Today I came across this little snippet of shell code
bash <(curl -s https://codecov.io/bash). I found it in the documentation of Codecov which is a code coverage tool mainly run in CI.
This "command structure"
bash <(...) was completely new to me. So I digged a little bit.
What you see there is called process substitution and the definition of it is as follow:
Process substitution allows a process’s input or output to be referred to using a filename.
Huh – that's interesting. So let's give this a try.
$ echo <(ls .) /dev/fd/11
Okay, this is clearly a file name. Let's try something else and have a look into the file using
$ cat <(ls .) README.md assets ... ...
Interesting this works and shows the files that are in the current working directory.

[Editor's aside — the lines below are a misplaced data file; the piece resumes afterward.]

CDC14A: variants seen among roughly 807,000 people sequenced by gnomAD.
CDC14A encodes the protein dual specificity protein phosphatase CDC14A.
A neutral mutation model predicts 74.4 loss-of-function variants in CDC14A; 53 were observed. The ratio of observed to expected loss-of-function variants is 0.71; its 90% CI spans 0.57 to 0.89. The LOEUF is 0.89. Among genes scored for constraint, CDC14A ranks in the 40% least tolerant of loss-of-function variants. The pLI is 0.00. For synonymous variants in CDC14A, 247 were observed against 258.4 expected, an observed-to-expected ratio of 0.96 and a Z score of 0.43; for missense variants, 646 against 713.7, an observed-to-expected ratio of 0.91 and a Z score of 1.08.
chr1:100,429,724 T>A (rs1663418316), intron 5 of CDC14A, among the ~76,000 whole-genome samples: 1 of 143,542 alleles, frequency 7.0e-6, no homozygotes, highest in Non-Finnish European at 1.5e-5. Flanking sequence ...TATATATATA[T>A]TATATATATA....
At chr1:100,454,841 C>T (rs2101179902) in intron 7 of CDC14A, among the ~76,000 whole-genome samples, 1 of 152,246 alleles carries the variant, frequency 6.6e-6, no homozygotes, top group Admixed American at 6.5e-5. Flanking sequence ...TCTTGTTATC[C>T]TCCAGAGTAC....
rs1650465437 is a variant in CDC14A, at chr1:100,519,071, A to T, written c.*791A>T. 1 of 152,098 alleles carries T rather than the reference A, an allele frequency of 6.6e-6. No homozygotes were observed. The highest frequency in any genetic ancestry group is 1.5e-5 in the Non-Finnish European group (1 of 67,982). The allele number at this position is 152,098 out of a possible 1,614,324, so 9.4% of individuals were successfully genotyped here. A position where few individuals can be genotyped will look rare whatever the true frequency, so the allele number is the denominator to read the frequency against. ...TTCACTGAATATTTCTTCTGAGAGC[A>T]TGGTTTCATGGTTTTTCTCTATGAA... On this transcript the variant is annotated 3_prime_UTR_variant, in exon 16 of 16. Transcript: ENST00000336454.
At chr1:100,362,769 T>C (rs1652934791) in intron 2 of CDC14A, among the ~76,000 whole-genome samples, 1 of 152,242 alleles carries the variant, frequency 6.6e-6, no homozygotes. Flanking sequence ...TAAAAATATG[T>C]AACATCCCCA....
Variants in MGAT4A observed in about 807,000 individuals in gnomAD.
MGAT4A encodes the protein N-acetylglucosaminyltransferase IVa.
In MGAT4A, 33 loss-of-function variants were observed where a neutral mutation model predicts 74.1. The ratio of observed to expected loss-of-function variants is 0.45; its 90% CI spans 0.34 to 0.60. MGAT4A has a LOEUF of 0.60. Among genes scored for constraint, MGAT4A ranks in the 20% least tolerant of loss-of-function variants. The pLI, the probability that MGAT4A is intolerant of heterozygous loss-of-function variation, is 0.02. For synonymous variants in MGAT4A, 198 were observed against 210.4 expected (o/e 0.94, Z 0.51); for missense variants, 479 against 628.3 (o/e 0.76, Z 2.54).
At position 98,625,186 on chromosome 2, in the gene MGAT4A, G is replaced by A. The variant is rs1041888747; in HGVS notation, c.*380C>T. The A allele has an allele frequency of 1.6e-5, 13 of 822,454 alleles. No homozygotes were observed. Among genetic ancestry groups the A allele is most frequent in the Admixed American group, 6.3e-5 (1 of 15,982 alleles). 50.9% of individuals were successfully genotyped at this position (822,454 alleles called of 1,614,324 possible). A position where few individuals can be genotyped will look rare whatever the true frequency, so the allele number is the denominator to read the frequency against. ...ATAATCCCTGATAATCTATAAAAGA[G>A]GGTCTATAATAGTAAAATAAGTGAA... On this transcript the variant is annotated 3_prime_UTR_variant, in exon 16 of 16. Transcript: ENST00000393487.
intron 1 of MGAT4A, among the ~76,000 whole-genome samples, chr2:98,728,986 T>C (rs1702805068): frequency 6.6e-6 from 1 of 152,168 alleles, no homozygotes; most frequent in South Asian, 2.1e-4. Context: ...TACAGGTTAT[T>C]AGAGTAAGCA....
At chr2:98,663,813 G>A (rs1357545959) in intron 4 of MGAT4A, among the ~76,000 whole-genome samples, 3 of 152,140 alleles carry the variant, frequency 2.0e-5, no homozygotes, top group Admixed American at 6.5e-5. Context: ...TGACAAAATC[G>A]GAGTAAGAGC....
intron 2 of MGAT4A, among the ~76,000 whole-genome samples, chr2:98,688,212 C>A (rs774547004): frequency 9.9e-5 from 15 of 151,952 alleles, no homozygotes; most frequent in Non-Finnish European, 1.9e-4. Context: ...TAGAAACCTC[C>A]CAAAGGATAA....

Side note: I still have to dig what this
/dev/fd folder is used for because there are a lot of interesting things like
stderr@ in there, but this is another topic.
So what does this mean?
And this can become quite handy if you want to "pipe" something into a command that doesn't understand pipes. So what happens in the codecov example above is, that a bash script is downloaded from
https://codecov.io/bash, the content is written to a file and
bash then executes this file. Pretty cool, hmm?
In a Node.js context you could use it like this:
$ node <(echo 'console.log("foo")') foo
But even cooler you could use process substitution to quickly execute stuff from e.g. the clipboard. I'm on a Mac which means that I have the
pbpaste command available.
$ node <(pbpaste)
These few lines will execute anything I have in my clipboard in Node.js. No more temporary files! 🎉